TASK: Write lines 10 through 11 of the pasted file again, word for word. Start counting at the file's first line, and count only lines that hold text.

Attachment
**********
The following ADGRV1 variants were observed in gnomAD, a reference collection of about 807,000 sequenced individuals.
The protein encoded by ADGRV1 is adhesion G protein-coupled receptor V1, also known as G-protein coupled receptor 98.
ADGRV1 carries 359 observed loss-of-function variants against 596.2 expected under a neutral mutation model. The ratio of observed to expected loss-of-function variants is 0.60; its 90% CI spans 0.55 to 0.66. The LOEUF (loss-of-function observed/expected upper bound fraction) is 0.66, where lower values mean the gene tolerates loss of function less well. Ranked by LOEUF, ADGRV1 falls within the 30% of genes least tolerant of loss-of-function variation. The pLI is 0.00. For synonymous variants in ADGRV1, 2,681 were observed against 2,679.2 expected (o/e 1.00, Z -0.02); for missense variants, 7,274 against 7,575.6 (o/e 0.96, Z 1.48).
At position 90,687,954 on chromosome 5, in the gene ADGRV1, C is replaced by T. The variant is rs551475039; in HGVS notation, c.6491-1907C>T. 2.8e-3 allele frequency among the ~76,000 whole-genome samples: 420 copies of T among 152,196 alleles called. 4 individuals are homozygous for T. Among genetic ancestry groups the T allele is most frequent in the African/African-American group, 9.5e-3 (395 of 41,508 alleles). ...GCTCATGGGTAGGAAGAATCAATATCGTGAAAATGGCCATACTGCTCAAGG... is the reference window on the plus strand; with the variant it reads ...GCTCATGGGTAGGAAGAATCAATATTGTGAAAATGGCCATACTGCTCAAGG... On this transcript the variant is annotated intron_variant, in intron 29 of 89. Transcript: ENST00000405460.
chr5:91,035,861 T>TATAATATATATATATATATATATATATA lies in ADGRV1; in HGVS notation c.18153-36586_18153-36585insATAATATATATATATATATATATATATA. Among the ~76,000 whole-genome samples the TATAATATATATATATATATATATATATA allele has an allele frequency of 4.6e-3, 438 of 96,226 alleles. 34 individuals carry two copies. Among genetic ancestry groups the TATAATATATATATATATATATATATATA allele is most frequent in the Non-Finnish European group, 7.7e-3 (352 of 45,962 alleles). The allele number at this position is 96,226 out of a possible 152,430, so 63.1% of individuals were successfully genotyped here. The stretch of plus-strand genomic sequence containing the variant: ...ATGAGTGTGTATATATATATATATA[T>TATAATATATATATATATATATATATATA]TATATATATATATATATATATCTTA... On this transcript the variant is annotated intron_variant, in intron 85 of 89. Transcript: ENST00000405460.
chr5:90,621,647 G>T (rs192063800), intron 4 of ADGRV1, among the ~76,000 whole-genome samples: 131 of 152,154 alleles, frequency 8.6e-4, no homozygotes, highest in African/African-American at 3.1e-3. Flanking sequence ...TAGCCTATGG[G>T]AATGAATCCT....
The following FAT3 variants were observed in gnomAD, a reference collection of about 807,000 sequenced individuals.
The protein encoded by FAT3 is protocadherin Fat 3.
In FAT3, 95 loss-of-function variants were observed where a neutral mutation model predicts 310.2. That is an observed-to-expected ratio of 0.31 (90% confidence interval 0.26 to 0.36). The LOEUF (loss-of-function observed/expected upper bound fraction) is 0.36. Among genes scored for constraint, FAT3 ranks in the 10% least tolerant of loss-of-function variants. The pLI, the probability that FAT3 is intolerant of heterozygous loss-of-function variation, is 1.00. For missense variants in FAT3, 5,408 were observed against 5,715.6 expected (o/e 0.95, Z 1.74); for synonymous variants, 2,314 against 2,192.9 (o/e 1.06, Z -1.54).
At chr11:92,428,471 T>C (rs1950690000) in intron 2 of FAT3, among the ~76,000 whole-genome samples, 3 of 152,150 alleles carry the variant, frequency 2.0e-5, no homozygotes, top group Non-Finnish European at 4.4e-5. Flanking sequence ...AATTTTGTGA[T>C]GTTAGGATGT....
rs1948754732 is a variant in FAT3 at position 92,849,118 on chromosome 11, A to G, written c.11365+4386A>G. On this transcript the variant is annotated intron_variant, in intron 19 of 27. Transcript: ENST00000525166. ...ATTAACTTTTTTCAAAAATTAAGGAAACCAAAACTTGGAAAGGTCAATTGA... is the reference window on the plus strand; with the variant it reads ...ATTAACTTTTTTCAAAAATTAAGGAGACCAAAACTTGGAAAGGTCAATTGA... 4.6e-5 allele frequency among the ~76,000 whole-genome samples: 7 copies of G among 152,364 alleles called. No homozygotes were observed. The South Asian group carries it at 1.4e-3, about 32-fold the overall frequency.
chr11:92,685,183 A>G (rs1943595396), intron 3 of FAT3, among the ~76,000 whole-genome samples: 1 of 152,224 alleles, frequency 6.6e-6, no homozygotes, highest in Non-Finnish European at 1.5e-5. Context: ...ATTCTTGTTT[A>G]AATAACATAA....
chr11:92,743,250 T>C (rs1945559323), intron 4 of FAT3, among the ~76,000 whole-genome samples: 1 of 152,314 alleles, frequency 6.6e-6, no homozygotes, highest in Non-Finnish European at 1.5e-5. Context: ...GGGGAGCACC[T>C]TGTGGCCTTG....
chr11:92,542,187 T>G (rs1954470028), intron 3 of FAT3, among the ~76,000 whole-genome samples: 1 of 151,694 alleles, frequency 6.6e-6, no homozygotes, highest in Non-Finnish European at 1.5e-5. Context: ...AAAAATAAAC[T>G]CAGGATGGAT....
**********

At chr11:92,428,471 T>C (rs1950690000) in intron 2 of FAT3, among the ~76,000 whole-genome samples, 3 of 152,150 alleles carry the variant, frequency 2.0e-5, no homozygotes, top group Non-Finnish European at 4.4e-5. Flanking sequence ...AATTTTGTGA[T>C]GTTAGGATGT....
rs1948754732 is a variant in FAT3 at position 92,849,118 on chromosome 11, A to G, written c.11365+4386A>G. On this transcript the variant is annotated intron_variant, in intron 19 of 27. Transcript: ENST00000525166. ...ATTAACTTTTTTCAAAAATTAAGGAAACCAAAACTTGGAAAGGTCAATTGA... is the reference window on the plus strand; with the variant it reads ...ATTAACTTTTTTCAAAAATTAAGGAGACCAAAACTTGGAAAGGTCAATTGA... 4.6e-5 allele frequency among the ~76,000 whole-genome samples: 7 copies of G among 152,364 alleles called. No homozygotes were observed. The South Asian group carries it at 1.4e-3, about 32-fold the overall frequency.